Tim Horton’s Donuts, an iconic Canadian chain, is now embroiled in the battle between tar sands supporters and opponents, following its decision to stop running in-store video ads promoting pipeline company Enbridge. (Photo: Liam K, Flickr CC BY-SA 2.0)
In Beyond the Headlines this week, Peter Dykstra tells host Steve Curwood about how a donut chain joins the fight over tar sands, varying interpretations of EPA’s statements on fracking and ground water, and the start of a massive firestorm that consumed Yellowstone 27 years ago.
CURWOOD: It’s time now for Peter Dykstra to take us on a trip beyond the headlines. Peter is with the DailyClimate.org and Environmental Health News, that’s EHN.org, and he joins us today from College Park, Maryland. Hi, Peter. What’s up?
DYKSTRA: Well, hi, Steve. Let’s go north of the border for a little bit of a surreal twist on the tar sands saga. It’s an ongoing, gloves-off political brawl that’s even drawn Tim Horton’s Donuts, the iconic Canadian chain, into the fight over one of Canada’s potentially most toxic exports.
CURWOOD: Well, I presume you mean the tar sands, and not the coffee and donuts.
DYKSTRA: Of course not. You don’t mess with Tim’s! With nearly 5,000 outlets all over Canada and the northern U.S., and for a time they even had one at the Canadian Forces outpost in Kandahar, Afghanistan. Tim Horton was a hockey hero, elected to the Hall of Fame a few years after he died in a car accident in the 1970s.
CURWOOD: So what’s up with the late Mr. Horton’s empire and the tar sands?
DYKSTRA: Well, many of those Tim’s outlets in Canada ran in-store video ads promoting Enbridge, the controversial tar sands pipeline company, but Tim Horton’s dropped the ads after a huge backlash and social media campaign from Canadians who love their Tim-bits — that’s what Tim’s called the little bite-size dough punched out of donut holes - but don’t love dilbit — the diluted bitumen that flows in a tar sands pipeline. Get it, Timbits, dilbit?
CURWOOD: Just keep going.
DYKSTRA: Well, after all this, tar sands supporters cried foul, and pro-tar sands protests began at Tim’s outlets in Alberta, Canada’s oil capital. So it’s on: petro-dollars versus donuts.
CURWOOD: Oh, Canada . . .
DYKSTRA: Indeed. But let’s move on to a potentially teachable moment in what’s maybe an even more contentious issue. Last week, the EPA came out with a long-awaited report on the impacts of fracking on water supplies, and as you might expect, the report generated a lot of headlines. So let me read you a few headlines about whether or not EPA thinks fracking is a problem.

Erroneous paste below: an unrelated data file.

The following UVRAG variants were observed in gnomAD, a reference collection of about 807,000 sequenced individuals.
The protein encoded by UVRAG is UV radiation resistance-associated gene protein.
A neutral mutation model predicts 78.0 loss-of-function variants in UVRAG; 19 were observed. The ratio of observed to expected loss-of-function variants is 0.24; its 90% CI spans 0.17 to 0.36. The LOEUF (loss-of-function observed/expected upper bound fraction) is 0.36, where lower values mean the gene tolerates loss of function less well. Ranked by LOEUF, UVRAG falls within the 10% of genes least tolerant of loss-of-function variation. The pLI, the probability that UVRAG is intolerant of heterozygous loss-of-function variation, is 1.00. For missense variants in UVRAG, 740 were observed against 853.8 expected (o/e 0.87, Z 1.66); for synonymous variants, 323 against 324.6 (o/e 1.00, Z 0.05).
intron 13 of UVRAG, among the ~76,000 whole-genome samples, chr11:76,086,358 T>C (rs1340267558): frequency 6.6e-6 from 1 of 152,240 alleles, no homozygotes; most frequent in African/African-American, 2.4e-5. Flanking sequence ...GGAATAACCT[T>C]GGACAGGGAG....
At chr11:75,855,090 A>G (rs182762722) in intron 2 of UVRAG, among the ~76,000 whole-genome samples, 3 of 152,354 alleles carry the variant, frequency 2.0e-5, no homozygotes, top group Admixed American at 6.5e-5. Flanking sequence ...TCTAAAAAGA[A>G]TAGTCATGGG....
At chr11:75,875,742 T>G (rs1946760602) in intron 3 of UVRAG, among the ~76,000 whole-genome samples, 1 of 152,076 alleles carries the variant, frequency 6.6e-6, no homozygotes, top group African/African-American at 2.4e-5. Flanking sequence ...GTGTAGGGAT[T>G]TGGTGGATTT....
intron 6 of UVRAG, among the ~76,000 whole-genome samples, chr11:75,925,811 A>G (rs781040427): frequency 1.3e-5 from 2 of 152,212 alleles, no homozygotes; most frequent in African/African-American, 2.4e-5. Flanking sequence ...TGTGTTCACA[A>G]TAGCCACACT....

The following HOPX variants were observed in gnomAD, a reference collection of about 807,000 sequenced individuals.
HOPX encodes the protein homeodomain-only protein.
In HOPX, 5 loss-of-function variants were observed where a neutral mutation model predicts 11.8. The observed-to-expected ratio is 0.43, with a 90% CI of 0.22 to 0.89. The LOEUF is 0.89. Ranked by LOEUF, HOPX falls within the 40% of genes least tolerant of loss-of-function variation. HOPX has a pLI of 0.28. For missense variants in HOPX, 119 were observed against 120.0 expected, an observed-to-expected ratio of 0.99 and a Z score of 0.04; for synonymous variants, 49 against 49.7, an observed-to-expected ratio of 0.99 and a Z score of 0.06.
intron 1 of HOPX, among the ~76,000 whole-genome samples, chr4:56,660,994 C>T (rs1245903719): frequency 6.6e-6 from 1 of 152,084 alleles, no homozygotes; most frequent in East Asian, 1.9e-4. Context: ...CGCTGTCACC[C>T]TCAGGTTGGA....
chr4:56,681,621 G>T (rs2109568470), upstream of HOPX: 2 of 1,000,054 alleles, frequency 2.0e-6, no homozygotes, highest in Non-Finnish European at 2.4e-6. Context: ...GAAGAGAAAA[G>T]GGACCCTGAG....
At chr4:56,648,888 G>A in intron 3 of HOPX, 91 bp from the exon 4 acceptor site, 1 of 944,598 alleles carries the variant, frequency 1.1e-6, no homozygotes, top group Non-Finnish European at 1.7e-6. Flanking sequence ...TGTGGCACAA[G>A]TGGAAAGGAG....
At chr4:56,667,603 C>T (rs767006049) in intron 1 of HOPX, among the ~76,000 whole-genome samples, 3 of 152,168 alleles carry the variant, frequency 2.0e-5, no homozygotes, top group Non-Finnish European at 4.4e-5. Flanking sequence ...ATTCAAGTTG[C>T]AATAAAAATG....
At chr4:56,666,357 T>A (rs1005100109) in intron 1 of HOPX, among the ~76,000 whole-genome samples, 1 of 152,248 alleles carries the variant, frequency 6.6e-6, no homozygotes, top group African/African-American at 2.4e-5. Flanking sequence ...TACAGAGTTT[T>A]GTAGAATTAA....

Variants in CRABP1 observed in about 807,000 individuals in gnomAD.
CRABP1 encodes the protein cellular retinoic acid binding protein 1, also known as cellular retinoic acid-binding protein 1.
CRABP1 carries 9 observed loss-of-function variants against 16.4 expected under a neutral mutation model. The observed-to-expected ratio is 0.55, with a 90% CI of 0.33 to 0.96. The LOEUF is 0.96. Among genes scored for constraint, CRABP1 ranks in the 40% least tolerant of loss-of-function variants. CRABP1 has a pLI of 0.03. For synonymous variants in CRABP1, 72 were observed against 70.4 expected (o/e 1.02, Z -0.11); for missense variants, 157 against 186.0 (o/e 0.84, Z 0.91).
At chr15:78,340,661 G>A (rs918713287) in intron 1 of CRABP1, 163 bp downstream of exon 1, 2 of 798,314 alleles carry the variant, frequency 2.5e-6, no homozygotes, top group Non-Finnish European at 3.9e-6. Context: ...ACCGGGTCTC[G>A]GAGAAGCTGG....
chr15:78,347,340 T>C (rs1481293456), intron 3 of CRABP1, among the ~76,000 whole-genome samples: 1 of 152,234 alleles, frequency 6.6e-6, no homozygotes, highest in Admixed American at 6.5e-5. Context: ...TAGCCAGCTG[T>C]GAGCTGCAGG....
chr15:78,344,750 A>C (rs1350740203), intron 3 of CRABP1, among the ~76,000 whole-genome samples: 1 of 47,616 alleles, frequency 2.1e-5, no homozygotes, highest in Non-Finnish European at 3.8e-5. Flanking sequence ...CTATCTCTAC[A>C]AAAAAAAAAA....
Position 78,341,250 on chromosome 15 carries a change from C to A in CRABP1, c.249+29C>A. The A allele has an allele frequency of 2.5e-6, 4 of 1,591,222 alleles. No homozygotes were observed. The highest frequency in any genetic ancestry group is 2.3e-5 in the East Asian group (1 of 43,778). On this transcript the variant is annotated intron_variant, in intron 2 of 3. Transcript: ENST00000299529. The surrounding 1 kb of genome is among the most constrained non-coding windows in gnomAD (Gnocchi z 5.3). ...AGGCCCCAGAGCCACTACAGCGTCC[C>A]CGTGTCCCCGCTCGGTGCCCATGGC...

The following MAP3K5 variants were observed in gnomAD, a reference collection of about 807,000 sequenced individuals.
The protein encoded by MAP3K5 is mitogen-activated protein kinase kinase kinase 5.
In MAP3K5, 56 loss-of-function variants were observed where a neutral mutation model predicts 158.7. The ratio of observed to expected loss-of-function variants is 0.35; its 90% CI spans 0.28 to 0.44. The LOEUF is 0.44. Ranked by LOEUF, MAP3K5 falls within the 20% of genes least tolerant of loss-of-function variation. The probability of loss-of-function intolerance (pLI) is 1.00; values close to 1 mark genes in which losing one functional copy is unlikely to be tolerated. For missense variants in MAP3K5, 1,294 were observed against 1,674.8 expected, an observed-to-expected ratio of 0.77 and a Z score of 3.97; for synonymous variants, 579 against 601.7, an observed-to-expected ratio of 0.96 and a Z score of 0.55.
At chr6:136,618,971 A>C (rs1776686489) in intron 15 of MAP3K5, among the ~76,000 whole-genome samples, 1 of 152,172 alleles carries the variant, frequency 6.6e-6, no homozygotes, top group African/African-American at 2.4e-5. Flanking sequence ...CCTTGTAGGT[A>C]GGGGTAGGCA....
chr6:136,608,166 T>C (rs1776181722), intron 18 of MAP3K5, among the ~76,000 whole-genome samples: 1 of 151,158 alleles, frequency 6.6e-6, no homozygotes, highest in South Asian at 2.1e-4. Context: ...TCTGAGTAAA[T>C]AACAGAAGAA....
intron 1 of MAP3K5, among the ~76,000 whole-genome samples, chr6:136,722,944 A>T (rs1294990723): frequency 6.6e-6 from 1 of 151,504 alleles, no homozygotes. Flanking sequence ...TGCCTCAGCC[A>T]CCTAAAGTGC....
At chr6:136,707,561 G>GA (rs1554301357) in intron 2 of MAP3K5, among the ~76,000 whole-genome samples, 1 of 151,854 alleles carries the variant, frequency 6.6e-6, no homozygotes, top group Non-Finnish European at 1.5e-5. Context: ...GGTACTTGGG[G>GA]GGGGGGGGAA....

Here’s one: “Fracking has not had a big effect on water supply.” So, fracking’s not a big risk. But here’s another headline: “EPA finds drinking water vulnerable to fracking.” So, maybe fracking is a big risk. Another one: “Fracking study undercuts environmentalists’ call for more regulation.” Take THAT, fracking opponents, I’ve got your study right here.
CURWOOD: OK, Peter, so what did the EPA study actually find?
DYKSTRA: I’m glad you asked that, Steve. You know, we call this segment “Beyond the Headlines” for a reason. You’ve got to read beyond the headlines! These three stories, and many others, really report the same thing: EPA says there’s no current, smoking gun evidence that fracking has had a big impact on drinking water supplies. But there’s a significant risk that it could. Both fracking supporters and fracking opponents spun this study within an inch of its life. The reality is that it will likely change few opinions about fracking, but the most important takeaway here is: read beyond the headlines and make up your own mind.
CURWOOD: That’s always a good idea. Hey, let’s go to the history calendar. What do you have this week?
DYKSTRA: A little fire that became a big part of National Parks history. 1988 was a big drought year in much of the West, and on June 14th of that year, lightning set off a small fire near Yellowstone. Within a few weeks, a dozen more fires, fanned by fierce winds, merged into an inferno for America’s greatest national park. Big parts of Yellowstone burned all summer, in part because the Park Service policy was to let wildfires burn out naturally, with healthy ecological results.
CURWOOD: Yeah, but what played out on the nightly news were pictures of Yellowstone being destroyed forever, it seemed, while the Park Service looked like the Emperor Nero.
DYKSTRA: Right, and that was unfair to the Park Service and to firefighters. From a tourism standpoint, Yellowstone was trashed for a few years. From an ecological standpoint, the fire was part of an essential, recurring process that renews wildlands. When you suppress fires artificially and deadwood and brush build up, you’re only making the next fire worse.
CURWOOD: Yes, and Yellowstone has nicely recovered. Thanks, Peter Dykstra! Peter is with Environmental Health News, that’s EHN dot org, and The Daily Climate. Talk to you next time.
DYKSTRA: All right, Steve, thanks a lot, we’ll talk to you soon.
CURWOOD: And there’s more on these stories at our website, LOE dot ORG.
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